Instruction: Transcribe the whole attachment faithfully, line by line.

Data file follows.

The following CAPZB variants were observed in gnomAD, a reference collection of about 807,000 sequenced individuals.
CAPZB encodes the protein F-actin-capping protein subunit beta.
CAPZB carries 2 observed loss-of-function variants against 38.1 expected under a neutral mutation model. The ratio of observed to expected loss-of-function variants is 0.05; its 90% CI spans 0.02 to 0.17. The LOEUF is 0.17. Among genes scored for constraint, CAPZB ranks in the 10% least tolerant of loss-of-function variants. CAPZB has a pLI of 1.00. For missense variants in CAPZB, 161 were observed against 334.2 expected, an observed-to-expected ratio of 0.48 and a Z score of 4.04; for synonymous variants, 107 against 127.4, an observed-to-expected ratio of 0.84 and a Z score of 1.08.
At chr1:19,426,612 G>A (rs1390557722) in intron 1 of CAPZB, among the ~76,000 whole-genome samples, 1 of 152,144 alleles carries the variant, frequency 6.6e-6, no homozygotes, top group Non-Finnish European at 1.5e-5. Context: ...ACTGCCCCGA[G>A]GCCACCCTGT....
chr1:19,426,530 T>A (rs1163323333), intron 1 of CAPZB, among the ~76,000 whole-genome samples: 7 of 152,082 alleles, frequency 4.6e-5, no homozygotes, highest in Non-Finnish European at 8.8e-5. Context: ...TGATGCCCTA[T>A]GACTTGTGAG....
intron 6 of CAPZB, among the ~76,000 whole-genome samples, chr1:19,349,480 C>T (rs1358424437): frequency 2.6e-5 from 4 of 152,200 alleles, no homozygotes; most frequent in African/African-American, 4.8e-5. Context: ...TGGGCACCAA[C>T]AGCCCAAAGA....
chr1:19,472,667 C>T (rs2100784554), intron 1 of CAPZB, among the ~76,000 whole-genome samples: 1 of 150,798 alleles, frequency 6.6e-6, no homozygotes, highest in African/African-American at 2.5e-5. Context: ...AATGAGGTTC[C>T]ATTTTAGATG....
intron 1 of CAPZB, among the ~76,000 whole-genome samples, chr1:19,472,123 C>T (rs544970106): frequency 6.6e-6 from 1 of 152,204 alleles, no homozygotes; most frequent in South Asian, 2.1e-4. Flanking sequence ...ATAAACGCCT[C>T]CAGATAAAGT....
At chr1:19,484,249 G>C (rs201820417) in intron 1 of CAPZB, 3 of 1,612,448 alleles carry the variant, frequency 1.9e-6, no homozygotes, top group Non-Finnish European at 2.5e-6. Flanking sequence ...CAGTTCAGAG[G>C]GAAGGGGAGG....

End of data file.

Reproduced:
The following CAPZB variants were observed in gnomAD, a reference collection of about 807,000 sequenced individuals.
CAPZB encodes the protein F-actin-capping protein subunit beta.
CAPZB carries 2 observed loss-of-function variants against 38.1 expected under a neutral mutation model. The ratio of observed to expected loss-of-function variants is 0.05; its 90% CI spans 0.02 to 0.17. The LOEUF is 0.17. Among genes scored for constraint, CAPZB ranks in the 10% least tolerant of loss-of-function variants. CAPZB has a pLI of 1.00. For missense variants in CAPZB, 161 were observed against 334.2 expected, an observed-to-expected ratio of 0.48 and a Z score of 4.04; for synonymous variants, 107 against 127.4, an observed-to-expected ratio of 0.84 and a Z score of 1.08.
At chr1:19,426,612 G>A (rs1390557722) in intron 1 of CAPZB, among the ~76,000 whole-genome samples, 1 of 152,144 alleles carries the variant, frequency 6.6e-6, no homozygotes, top group Non-Finnish European at 1.5e-5. Context: ...ACTGCCCCGA[G>A]GCCACCCTGT....
chr1:19,426,530 T>A (rs1163323333), intron 1 of CAPZB, among the ~76,000 whole-genome samples: 7 of 152,082 alleles, frequency 4.6e-5, no homozygotes, highest in Non-Finnish European at 8.8e-5. Context: ...TGATGCCCTA[T>A]GACTTGTGAG....
intron 6 of CAPZB, among the ~76,000 whole-genome samples, chr1:19,349,480 C>T (rs1358424437): frequency 2.6e-5 from 4 of 152,200 alleles, no homozygotes; most frequent in African/African-American, 4.8e-5. Context: ...TGGGCACCAA[C>T]AGCCCAAAGA....
chr1:19,472,667 C>T (rs2100784554), intron 1 of CAPZB, among the ~76,000 whole-genome samples: 1 of 150,798 alleles, frequency 6.6e-6, no homozygotes, highest in African/African-American at 2.5e-5. Context: ...AATGAGGTTC[C>T]ATTTTAGATG....
intron 1 of CAPZB, among the ~76,000 whole-genome samples, chr1:19,472,123 C>T (rs544970106): frequency 6.6e-6 from 1 of 152,204 alleles, no homozygotes; most frequent in South Asian, 2.1e-4. Flanking sequence ...ATAAACGCCT[C>T]CAGATAAAGT....
At chr1:19,484,249 G>C (rs201820417) in intron 1 of CAPZB, 3 of 1,612,448 alleles carry the variant, frequency 1.9e-6, no homozygotes, top group Non-Finnish European at 2.5e-6. Flanking sequence ...CAGTTCAGAG[G>C]GAAGGGGAGG....